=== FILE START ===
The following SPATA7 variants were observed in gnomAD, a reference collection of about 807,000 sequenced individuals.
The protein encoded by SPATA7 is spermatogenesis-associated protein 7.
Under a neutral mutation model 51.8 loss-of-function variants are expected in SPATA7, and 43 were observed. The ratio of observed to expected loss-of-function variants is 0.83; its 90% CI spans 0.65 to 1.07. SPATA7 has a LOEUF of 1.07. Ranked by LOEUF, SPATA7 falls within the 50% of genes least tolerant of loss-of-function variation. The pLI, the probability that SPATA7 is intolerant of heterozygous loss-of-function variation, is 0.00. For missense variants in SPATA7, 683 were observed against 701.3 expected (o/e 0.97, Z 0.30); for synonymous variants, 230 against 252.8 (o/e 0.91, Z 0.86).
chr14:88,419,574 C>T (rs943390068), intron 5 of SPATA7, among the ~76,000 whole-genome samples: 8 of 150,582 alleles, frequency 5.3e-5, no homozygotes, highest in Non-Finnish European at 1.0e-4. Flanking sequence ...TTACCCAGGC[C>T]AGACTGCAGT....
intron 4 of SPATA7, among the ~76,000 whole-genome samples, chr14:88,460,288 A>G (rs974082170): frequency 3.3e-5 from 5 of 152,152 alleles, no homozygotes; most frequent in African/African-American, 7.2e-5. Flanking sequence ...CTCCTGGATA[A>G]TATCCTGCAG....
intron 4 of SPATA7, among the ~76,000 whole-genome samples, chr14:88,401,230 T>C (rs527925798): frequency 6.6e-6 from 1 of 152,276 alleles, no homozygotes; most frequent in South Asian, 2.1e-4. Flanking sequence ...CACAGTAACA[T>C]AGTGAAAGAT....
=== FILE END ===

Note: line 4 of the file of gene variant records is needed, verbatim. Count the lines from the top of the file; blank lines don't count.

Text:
chr14:88,419,574 C>T (rs943390068), intron 5 of SPATA7, among the ~76,000 whole-genome samples: 8 of 150,582 alleles, frequency 5.3e-5, no homozygotes, highest in Non-Finnish European at 1.0e-4. Flanking sequence ...TTACCCAGGC[C>T]AGACTGCAGT....